Computer Science Logo Style volume 1: Symbolic Computing 2/e Copyright (C) 1997 MIT

Recursive Operations

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Brian Harvey
University of California, Berkeley

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So far, the recursive procedures we've seen have all been commands, not operations. Remember that an operation is a procedure that has an output rather than an effect. In other words, an operation computes some value that is then used as the input to some other procedure. In the instruction

print first "hello

print is a command, because it does something: It prints its input (whatever that may be) on the screen. But first is an operation, because it computes something: With the word hello as input, it computes the letter h, which is the first letter of the input.

A Simple Substitution Cipher

I'm going to write a program to produce secret messages. The program will take an ordinary English sentence (in the form of a Logo list) and change each letter into some other letter. For example, we can decide to replace the letter E with the letter J every time it occurs in the message. The program will need two inputs: the message and the correspondence between letters. The latter will take the form of a word of 26 letters, representing the coded versions of the 26 letters in alphabetical order. For example, the word


indicates that the letter A in the original text will be represented by Q in the secret version, B will be represented by W, and so on.

In order to encipher a sentence, we must go through it word by word. (Strictly speaking, what we're doing is called a cipher rather than a code because the latter is a system that substitutes something for an entire word at a time, like a foreign language, whereas we're substituting for a single letter at a time, like the Elvish alphabet in The Lord of the Rings.) In order to encipher a word we must go through it letter by letter. So I'll begin by writing a procedure to translate a single letter to its coded form.

to codelet :letter :code
output codematch :letter "abcdefghijklmnopqrstuvwxyz :code

to codematch :letter :clear :code
if emptyp :clear [output :letter]        ; punctuation character
if equalp :letter first :clear [output first :code]
output codematch :letter butfirst :clear butfirst :code

Codelet is an operation that takes two inputs. The first input must be a single-letter word, and the second must be a code, that is, a word with the 26 letters of the alphabet rearranged. The output from codelet is the enciphered version of the input letter. (If the first input is a character other than a letter, such as a punctuation mark, then the output is the same as that input.)

Codelet itself is a very simple procedure. It simply passes its two inputs on to a subprocedure, codematch, along with another input that is the alphabet in normal order. The idea is that codematch will compare the input letter to each of the letters in the regular alphabet; when it finds a match, it will output the letter in the corresponding position in the scrambled alphabet. Be sure you understand the use of the output command in codelet; it says that whatever codematch outputs should become the output from codelet as well.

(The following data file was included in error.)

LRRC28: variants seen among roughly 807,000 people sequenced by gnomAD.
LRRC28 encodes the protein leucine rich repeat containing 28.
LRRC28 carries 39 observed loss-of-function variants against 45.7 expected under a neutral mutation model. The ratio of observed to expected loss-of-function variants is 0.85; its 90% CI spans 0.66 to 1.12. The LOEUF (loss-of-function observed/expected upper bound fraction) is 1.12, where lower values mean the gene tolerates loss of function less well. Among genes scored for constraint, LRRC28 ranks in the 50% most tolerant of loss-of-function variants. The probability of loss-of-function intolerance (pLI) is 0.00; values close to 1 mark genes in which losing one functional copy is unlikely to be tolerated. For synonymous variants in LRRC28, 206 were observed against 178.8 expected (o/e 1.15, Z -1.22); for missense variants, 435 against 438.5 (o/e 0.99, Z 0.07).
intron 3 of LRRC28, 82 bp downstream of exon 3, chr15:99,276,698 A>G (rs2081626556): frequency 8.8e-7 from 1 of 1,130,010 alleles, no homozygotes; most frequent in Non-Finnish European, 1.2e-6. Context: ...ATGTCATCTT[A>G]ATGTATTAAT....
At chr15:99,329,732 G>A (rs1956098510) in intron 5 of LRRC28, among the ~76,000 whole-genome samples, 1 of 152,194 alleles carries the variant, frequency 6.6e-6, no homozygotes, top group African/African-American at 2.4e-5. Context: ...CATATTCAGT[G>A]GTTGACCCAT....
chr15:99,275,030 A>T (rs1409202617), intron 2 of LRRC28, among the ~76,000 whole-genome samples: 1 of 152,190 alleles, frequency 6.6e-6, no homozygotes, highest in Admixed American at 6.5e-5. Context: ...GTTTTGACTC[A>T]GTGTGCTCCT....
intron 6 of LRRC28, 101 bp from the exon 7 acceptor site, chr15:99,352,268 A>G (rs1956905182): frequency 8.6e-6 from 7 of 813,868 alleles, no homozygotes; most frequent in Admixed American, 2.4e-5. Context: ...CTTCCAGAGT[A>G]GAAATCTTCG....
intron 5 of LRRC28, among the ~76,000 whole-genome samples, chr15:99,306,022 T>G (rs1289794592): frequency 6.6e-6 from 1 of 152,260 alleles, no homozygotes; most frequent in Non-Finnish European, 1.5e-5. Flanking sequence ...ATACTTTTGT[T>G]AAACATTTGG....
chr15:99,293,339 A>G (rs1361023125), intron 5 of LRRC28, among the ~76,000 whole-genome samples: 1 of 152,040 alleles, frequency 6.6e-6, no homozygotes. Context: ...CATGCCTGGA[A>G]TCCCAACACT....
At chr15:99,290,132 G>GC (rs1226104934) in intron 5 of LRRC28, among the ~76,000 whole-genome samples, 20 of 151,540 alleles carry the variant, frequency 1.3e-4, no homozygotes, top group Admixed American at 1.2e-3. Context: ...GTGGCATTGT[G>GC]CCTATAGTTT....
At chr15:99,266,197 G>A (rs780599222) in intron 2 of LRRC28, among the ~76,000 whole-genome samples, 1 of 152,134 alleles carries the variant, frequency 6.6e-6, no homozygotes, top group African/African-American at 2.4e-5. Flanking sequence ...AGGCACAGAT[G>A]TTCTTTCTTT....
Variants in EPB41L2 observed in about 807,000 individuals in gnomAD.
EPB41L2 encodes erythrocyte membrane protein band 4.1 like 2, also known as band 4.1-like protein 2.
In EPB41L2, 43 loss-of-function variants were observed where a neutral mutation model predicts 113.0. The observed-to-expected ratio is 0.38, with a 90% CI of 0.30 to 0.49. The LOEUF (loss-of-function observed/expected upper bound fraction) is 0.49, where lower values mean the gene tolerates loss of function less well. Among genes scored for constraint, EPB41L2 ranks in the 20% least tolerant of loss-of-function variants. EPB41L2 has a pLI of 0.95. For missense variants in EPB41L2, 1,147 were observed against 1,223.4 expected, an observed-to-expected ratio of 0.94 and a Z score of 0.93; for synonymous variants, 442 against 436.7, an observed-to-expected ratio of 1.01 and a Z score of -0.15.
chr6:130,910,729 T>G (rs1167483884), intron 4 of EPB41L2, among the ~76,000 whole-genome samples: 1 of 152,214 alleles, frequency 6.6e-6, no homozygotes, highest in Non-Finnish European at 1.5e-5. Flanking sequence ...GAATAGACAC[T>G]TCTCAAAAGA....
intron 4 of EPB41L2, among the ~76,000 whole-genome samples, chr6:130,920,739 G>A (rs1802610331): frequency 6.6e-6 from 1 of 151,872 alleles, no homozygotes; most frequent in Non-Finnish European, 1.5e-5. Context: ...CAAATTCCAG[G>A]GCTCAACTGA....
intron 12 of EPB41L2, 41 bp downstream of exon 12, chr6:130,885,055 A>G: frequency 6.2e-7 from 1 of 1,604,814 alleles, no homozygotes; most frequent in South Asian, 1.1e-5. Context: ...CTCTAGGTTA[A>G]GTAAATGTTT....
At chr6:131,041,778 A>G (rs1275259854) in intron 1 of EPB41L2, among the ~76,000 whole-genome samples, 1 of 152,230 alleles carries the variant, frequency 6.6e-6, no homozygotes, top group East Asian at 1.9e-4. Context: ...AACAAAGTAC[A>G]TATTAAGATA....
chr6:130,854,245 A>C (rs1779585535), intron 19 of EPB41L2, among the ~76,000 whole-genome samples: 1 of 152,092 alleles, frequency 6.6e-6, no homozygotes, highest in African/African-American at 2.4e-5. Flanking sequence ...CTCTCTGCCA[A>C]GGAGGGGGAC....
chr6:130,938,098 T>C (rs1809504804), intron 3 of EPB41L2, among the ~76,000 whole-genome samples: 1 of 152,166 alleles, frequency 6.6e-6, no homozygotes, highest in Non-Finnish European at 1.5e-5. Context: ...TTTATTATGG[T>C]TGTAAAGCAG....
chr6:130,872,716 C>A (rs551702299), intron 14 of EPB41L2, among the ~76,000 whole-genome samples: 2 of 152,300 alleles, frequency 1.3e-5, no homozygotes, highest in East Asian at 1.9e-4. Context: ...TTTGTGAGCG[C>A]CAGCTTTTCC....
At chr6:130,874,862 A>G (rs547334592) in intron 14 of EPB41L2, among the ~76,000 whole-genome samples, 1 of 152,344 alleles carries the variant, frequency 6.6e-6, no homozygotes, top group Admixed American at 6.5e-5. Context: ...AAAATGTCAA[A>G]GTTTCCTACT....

The job of codematch is to go through the alphabet, letter by letter, looking for the particular letter we're trying to encode. The primary tool that Logo provides for looking at a single letter in a word is first. So codematch uses first to compare its input letter with the first letter of the input alphabet:

if equalp :letter first :clear ...

If the first input to codematch is the letter A, then equalp will output true and codematch will output the first letter of :code (Q in the example I gave earlier). But suppose the first input isn't an A. Then codematch has to solve a smaller subproblem: Find the input letter in the remaining 25 letters of the alphabet. Finding a smaller, similar subproblem means that we can use a recursive solution. Codematch invokes itself, but for its second and third inputs it uses the butfirsts of the original inputs because the first letter of the alphabet (A) and its corresponding coded letter (Q) have already been rejected.

Here is a trace of an example of codematch at work, to help you understand what's going on.

codematch "e "abcdefghijklmnopqrstuvwxyz "qwertyuiopasdfghjklzxcvbnm
   codematch "e "bcdefghijklmnopqrstuvwxyz "wertyuiopasdfghjklzxcvbnm
      codematch "e "cdefghijklmnopqrstuvwxyz "ertyuiopasdfghjklzxcvbnm
         codematch "e "defghijklmnopqrstuvwxyz "rtyuiopasdfghjklzxcvbnm
            codematch "e "efghijklmnopqrstuvwxyz "tyuiopasdfghjklzxcvbnm
            codematch outputs "t
         codematch outputs "t
      codematch outputs "t
   codematch outputs "t
codematch outputs "t

The fifth, innermost invocation of codematch succeeds at matching its first input (the letter E) with the first letter of its second input. That invocation therefore outputs the first letter of its third input, the letter T. Each of the higher-level invocations outputs the same thing in turn.

The pattern of doing something to the first of an input, then invoking the same procedure recursively with the butfirst as the new input, is a familiar one from recursive commands. If we only wanted to translate single letters, we could have written codelet and codematch as commands, like this:

to codelet :letter :code                        ;; command version
codematch :letter "abcdefghijklmnopqrstuvwxyz :code

to codematch :letter :clear :code               ;; command version
if emptyp :clear [print :letter stop]
if equalp :letter first :clear [print first :code stop]
codematch :letter butfirst :clear butfirst :code